- Talk about the nature of the training programme and which aspects of this appeal to you and why. For example, how will the seat rotation scheme affect your development? How would a seat in dispute resolution benefit you?
- Emphasise any experience you’ve had in a law or commercial environment – work experience, a part-time job or open days for example.
- Have a thorough look at Baker McKenzie’s website and read through some of their latest deals. Think about why this sort of work appeals to you.
- Talk about any particular commercial law cases or developments (particularly involving Baker McKenzie) that have caught your attention recently and explain specifically why they interest you. Don’t mention anything you don’t feel comfortable discussing and explaining in-depth, though.
‘Activities, interests and positions of responsibility’
Point of the question: assesses experience, self-awareness, commitment to law and commercial law, ability to communicate well, and whether you’re a good fit for the firm in general.
- Repeat too much of what you said in the covering letter.
- Choose vague examples that could be true of any graduate – instead, emphasise the things that make you stand out. For example, many aspiring lawyers will have an interest in debating, so if you do put this as an interest pick out something about it that makes you stand out; highlight if you’ve won any mooting competitions or been president of a debating society.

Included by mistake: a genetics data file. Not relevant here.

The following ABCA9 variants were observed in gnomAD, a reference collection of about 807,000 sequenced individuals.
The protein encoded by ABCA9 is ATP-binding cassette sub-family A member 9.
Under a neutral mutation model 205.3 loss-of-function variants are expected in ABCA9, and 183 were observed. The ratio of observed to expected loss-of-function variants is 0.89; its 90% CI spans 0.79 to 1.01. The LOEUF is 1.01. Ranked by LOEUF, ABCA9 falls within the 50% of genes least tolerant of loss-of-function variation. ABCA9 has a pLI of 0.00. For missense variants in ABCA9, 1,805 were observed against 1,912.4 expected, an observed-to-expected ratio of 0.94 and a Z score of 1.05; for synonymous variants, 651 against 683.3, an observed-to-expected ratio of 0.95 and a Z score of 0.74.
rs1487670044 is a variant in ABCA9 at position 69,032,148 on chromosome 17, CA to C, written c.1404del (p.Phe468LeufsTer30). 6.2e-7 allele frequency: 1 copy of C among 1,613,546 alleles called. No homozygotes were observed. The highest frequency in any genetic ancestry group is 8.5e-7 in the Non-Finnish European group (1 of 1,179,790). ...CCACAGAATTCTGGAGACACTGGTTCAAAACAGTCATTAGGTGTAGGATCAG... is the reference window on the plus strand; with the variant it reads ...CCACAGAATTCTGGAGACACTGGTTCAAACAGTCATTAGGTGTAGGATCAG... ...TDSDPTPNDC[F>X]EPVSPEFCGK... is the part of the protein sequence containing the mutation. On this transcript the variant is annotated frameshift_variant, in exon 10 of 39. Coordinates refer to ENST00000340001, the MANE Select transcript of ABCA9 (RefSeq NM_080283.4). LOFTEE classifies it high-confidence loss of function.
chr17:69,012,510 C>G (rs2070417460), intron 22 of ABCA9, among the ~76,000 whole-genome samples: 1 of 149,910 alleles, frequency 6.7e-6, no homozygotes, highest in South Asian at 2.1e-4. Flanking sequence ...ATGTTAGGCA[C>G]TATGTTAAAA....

- Try to find an example that can be related to each of Baker McKenzie’s desired competencies. For example, the firm wants to see that you’re able to build relationships with clients. Have you had a part-time job or role where you had to provide a service? Have you taken part in an extracurricular team activity? Talk about your duties in the role, and a bit about what you learned.
- Show that you’ve done something with your interests. A lot of candidates may write that they’re a member of a sports club, but a candidate will only stand out if they can demonstrate that they did something productive with this – such as organising specific tournaments or recruiting good quality members.
- Include interests that aren’t specifically related to law – the employer wants to see that you’re an interesting all-rounder.
- Think about the firm’s culture and values and try to show that your activities and interests fit in with these. For example, Baker McKenzie have won awards for their corporate social responsibility programme; if you’ve been a RAG officer for your student union, helped improve your building’s recycling rates, or done volunteer work, this may give you an edge at the firm.
- Mention any part-time jobs you’ve taken on to help fund your studies – you might not think they’re impressive, but this shows commercial awareness and responsibility.
- Baker McKenzie are looking for intellect and initiative – highlight any occasions when you have gone beyond the call of duty; did you successfully overhaul your student paper or introduce a new policy to your student committee, for example?